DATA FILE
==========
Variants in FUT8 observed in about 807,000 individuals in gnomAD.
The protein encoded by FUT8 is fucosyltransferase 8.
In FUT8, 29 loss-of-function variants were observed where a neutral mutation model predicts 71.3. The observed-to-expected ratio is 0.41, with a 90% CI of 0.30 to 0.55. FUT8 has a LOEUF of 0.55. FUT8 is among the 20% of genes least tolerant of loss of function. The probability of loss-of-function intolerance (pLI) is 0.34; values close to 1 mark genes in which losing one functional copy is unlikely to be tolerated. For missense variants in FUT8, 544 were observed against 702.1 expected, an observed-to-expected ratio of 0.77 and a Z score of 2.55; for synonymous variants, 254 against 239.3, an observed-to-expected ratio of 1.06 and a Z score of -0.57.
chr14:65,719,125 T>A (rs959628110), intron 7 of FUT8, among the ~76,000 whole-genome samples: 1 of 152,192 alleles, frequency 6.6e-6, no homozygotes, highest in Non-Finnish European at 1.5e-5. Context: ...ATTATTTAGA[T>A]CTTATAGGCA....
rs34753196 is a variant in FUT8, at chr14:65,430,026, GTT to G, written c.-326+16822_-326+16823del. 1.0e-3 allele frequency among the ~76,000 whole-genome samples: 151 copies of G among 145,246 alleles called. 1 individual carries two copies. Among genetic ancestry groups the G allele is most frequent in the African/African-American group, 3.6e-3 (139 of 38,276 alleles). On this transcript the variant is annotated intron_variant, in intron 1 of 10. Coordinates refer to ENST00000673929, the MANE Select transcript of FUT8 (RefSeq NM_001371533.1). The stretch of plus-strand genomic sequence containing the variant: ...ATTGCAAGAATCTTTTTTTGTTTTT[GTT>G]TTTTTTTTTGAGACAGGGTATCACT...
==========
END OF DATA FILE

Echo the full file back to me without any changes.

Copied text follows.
Variants in FUT8 observed in about 807,000 individuals in gnomAD.
The protein encoded by FUT8 is fucosyltransferase 8.
In FUT8, 29 loss-of-function variants were observed where a neutral mutation model predicts 71.3. The observed-to-expected ratio is 0.41, with a 90% CI of 0.30 to 0.55. FUT8 has a LOEUF of 0.55. FUT8 is among the 20% of genes least tolerant of loss of function. The probability of loss-of-function intolerance (pLI) is 0.34; values close to 1 mark genes in which losing one functional copy is unlikely to be tolerated. For missense variants in FUT8, 544 were observed against 702.1 expected, an observed-to-expected ratio of 0.77 and a Z score of 2.55; for synonymous variants, 254 against 239.3, an observed-to-expected ratio of 1.06 and a Z score of -0.57.
chr14:65,719,125 T>A (rs959628110), intron 7 of FUT8, among the ~76,000 whole-genome samples: 1 of 152,192 alleles, frequency 6.6e-6, no homozygotes, highest in Non-Finnish European at 1.5e-5. Context: ...ATTATTTAGA[T>A]CTTATAGGCA....
rs34753196 is a variant in FUT8, at chr14:65,430,026, GTT to G, written c.-326+16822_-326+16823del. 1.0e-3 allele frequency among the ~76,000 whole-genome samples: 151 copies of G among 145,246 alleles called. 1 individual carries two copies. Among genetic ancestry groups the G allele is most frequent in the African/African-American group, 3.6e-3 (139 of 38,276 alleles). On this transcript the variant is annotated intron_variant, in intron 1 of 10. Coordinates refer to ENST00000673929, the MANE Select transcript of FUT8 (RefSeq NM_001371533.1). The stretch of plus-strand genomic sequence containing the variant: ...ATTGCAAGAATCTTTTTTTGTTTTT[GTT>G]TTTTTTTTTGAGACAGGGTATCACT...